Medicare Quality Reporting Programs are Unsatisfactory

Some recent quality reporting programs include the Physician Quality Reporting System (PQRS), the meaningful-use EHR Incentive Program and the Value-Based Payment Modifier Program. These initiatives are part of the U.S. healthcare reform and are an attempt to steer physician behavior to align with the outcomes desired by the government.

The Medical Group Management Association (MGMA) just released the results of a survey on such programs. The survey (Physician Practice Assessment: Medicare Quality Reporting Programs) garnered responses from 1,000 medical groups which include some 48,000 physicians. The report showed that physicians are very critical of the Medicare’s physician quality reporting programs and their impact on patients and practices. Here are some highlights of the survey’s findings:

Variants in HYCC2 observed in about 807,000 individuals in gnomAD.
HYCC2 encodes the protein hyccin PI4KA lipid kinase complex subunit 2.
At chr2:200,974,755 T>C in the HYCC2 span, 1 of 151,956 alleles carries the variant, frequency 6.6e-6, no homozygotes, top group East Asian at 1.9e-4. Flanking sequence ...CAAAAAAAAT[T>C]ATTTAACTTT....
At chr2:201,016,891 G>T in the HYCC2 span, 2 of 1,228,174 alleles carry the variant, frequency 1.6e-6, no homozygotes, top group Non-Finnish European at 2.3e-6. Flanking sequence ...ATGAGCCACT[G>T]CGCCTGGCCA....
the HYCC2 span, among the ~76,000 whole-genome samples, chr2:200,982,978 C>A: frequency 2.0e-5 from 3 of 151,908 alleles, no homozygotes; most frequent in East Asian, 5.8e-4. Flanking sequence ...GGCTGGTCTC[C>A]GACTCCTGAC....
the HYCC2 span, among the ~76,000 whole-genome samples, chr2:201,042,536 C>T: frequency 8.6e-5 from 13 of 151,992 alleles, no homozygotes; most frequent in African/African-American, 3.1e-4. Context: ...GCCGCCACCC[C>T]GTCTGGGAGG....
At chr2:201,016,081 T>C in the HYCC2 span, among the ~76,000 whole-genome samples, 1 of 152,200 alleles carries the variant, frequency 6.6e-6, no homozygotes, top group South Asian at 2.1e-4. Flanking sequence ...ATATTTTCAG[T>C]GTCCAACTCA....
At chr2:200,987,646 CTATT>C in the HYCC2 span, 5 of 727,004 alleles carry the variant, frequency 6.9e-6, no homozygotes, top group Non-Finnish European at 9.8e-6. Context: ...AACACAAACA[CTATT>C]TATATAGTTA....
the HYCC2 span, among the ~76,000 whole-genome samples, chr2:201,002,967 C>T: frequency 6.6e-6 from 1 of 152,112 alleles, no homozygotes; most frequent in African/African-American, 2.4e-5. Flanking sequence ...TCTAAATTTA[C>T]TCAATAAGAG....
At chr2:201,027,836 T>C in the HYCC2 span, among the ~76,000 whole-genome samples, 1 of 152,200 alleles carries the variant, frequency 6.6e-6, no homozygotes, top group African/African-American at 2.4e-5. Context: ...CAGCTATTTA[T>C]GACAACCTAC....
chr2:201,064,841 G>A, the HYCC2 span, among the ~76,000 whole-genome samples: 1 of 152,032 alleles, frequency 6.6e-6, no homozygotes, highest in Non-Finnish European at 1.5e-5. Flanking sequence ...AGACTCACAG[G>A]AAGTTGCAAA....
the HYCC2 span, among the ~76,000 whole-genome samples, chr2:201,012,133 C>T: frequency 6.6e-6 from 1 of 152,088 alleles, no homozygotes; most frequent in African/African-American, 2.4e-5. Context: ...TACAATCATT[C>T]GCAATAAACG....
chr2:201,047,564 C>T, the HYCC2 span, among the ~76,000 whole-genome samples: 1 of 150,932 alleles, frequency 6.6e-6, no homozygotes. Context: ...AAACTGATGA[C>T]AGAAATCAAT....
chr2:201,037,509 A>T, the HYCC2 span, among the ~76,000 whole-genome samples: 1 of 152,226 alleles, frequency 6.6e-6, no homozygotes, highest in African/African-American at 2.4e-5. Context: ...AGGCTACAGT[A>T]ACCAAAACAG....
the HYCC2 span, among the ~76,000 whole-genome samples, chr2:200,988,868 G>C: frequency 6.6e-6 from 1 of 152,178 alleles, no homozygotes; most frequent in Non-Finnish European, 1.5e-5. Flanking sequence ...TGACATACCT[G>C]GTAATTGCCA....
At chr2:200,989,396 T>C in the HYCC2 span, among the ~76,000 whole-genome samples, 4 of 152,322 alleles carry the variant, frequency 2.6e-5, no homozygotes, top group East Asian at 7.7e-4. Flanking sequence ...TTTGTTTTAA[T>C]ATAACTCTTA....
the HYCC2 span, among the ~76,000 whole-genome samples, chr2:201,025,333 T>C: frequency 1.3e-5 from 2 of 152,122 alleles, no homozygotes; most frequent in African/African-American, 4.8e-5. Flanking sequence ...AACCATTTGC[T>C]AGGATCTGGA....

• 83% do not believe these quality reporting programs enhance a physician’s ability to provide high quality care to their patients; perhaps we should include physicians in the discussions on patient care.
  • 70% stated the reporting requirements are “very” or “extremely” complex; this speaks volumes about bureaucracy when physicians are having trouble with quality reporting.
  • 85% stated the quality reporting programs negatively affected practice efficiency, support staff time and clinician morale; perhaps the government will next get into practice management.

This is just added validation as to why physicians have stopped taking Medicare patients and many more are making moves in that direction. Good job Washington. I think we all can clearly see now who is “pushing granny off a cliff” and it surely is not the ones involved in patient care.

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Contact ABISA, a consultancy specializing in solo and small group practice management. Visit us at ABISALLC.com.

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